The percutaneous ventricular tap is almost exclusively performed in infants since it requires an open fontanelle (in adults a transorbital ventricular puncture has been described). The anterior fontanelle does not close completely until the middle of the third year of life. This procedure can only be performed safely if the width of the fontanelle is sufficient to avoid the superior sagittal sinus. Practically, this means a ventricular tap is not a feasible option after about the ninth month of life.
1. Emergency drainage of CSF from the lateral ventricles.
2. CSF for diagnosis in a patient with spina bifida.
3. An alternative to LP for the drainage of communicating hydrocephalus. This is usually in the setting of posthemorrhage hydrocephalus when lumbar punctures are no longer successful.
The intracranial compartment is entered at the junction of the coronal suture and the anterior fontanelle in the lateral corner of the fontanelle. (Fig. 1 shows the entry point using a burr hole, but the lateral corner of the fontanelle is usually immediately posterior to Kocher's point.) This point avoids the superior sagittal sinus and is directly over the lateral ventricle. The right side is preferred unless a hematoma or pathological lesion is located on that side. The scalp is shaved, prepped and draped in a sterile fashion. A 20-gauge, 2-inch angiocatheter is used to pierce the skin and a trajectory perpendicular to the skin is taken. The catheter is passed about 1 to 2 cm until CSF is seen in the hub of the needle. This is then withdrawn leaving the catheter in place in the lateral ventricle. Once again the CSF pressure is measured and fluid is removed for analysis. In a neonate, the ICP may not be sufficient to overcome the resistance through the catheter. Gentle, negative pressure with a syringe or lowering a piece of extension tubing below the level of the head will facilitate drainage.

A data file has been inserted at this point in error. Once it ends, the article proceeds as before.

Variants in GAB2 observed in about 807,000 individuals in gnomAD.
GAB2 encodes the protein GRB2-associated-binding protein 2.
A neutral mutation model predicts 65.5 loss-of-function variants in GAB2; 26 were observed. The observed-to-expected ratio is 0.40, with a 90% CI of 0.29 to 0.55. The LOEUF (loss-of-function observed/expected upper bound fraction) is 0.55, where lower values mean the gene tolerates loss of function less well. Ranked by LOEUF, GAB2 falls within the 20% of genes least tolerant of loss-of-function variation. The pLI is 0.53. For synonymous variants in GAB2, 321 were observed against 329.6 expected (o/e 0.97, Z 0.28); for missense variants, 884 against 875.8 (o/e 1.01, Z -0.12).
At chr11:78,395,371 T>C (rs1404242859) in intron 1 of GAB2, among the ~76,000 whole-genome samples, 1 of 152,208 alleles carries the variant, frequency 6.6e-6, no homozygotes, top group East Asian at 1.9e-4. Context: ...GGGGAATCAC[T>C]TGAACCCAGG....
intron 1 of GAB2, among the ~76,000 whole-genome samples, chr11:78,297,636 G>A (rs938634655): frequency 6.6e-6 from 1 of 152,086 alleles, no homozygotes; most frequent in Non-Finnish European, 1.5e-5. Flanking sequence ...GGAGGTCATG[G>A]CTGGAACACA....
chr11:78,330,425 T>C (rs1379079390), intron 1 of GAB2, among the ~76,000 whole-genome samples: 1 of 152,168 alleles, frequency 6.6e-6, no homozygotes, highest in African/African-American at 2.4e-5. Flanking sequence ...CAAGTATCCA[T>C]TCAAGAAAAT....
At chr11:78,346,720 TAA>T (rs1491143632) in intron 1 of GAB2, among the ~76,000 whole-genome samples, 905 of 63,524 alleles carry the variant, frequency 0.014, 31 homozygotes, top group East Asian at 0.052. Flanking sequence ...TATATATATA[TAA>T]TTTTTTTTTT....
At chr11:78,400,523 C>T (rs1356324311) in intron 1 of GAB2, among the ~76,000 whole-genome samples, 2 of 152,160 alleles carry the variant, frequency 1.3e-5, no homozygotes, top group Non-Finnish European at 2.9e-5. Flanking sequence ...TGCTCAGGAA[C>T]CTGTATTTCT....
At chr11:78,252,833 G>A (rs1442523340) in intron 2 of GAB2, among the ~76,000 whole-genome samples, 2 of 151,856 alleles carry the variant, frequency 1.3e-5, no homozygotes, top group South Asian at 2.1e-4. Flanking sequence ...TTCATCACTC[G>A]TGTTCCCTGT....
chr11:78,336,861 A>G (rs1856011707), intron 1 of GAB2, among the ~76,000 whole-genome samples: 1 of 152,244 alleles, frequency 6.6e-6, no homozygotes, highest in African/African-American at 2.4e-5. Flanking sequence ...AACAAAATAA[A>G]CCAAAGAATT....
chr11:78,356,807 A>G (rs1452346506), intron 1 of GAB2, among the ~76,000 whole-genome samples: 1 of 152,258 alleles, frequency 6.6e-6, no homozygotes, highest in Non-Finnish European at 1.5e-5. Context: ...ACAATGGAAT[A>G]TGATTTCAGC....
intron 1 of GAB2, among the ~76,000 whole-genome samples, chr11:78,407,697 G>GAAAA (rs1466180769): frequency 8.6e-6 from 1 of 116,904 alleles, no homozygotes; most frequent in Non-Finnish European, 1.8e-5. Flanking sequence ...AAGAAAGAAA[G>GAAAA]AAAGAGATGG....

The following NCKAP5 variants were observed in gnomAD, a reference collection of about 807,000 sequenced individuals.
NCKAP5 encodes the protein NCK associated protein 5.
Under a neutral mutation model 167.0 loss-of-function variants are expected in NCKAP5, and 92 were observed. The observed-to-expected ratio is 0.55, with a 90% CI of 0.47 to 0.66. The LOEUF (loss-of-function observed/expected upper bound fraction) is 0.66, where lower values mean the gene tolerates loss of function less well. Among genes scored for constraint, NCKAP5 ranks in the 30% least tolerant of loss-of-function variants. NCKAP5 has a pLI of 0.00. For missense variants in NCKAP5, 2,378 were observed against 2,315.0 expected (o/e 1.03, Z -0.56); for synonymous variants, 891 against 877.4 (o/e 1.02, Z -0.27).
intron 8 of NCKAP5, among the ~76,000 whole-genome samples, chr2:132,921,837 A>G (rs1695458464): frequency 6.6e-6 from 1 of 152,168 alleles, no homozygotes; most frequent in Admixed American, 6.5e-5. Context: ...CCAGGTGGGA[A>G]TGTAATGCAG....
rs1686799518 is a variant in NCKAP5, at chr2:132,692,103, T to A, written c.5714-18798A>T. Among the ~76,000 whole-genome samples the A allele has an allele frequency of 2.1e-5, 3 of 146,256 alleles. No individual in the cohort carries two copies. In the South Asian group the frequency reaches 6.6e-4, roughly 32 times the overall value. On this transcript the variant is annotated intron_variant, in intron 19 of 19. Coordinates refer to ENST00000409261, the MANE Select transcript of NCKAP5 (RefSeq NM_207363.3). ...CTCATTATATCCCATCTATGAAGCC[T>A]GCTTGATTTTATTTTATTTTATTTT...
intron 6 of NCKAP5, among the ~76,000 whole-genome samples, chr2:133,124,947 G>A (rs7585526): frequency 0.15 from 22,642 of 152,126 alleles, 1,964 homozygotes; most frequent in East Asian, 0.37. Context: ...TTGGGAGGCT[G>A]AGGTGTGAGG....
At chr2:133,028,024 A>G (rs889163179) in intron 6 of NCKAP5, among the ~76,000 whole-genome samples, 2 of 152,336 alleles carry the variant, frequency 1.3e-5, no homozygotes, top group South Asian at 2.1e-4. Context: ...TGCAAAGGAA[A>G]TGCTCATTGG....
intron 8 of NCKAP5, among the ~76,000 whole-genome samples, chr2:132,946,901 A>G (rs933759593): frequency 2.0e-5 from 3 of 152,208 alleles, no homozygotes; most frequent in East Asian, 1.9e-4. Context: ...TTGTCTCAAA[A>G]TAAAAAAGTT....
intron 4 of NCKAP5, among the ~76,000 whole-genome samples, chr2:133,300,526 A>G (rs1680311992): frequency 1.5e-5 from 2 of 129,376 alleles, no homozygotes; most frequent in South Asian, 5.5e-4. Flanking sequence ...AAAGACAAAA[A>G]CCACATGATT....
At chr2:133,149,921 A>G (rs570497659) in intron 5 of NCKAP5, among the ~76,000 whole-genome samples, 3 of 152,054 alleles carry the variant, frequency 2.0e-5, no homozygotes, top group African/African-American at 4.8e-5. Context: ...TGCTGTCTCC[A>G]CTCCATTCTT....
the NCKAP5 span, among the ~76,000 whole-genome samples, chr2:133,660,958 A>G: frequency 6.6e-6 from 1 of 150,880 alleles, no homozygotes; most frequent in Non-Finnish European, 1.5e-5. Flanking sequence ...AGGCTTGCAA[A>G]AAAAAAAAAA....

1. Hemorrhage. Passing the needle through the brain may cause a subdural, intracerebral, or intraventricular hemorrhage. Usually these are self-limiting. In the event of large a intraventricular hemorrhage, an external drain may be necessary.
2. Infection. Always possible with percutaneous procedures. Increased risk in premature infants or neonates.
3. Porencephaly. Multiple taps may result in an area of brain loss that may communicate with the ventricle.
4. CSF leak. The overlying skin is often thin and if a large needle is used there may be sufficient pressure to force the CSF through the tissues. In order to avoid this one can stagger the puncture points of the skin and dura. This is done by pulling the skin slightly posteriorly when puncturing it and then letting it relax back over the fontanelle to pierce the dura. Sometimes a small diameter (5-O or 6-O) suture is required to close the entry point.
Was this article helpful?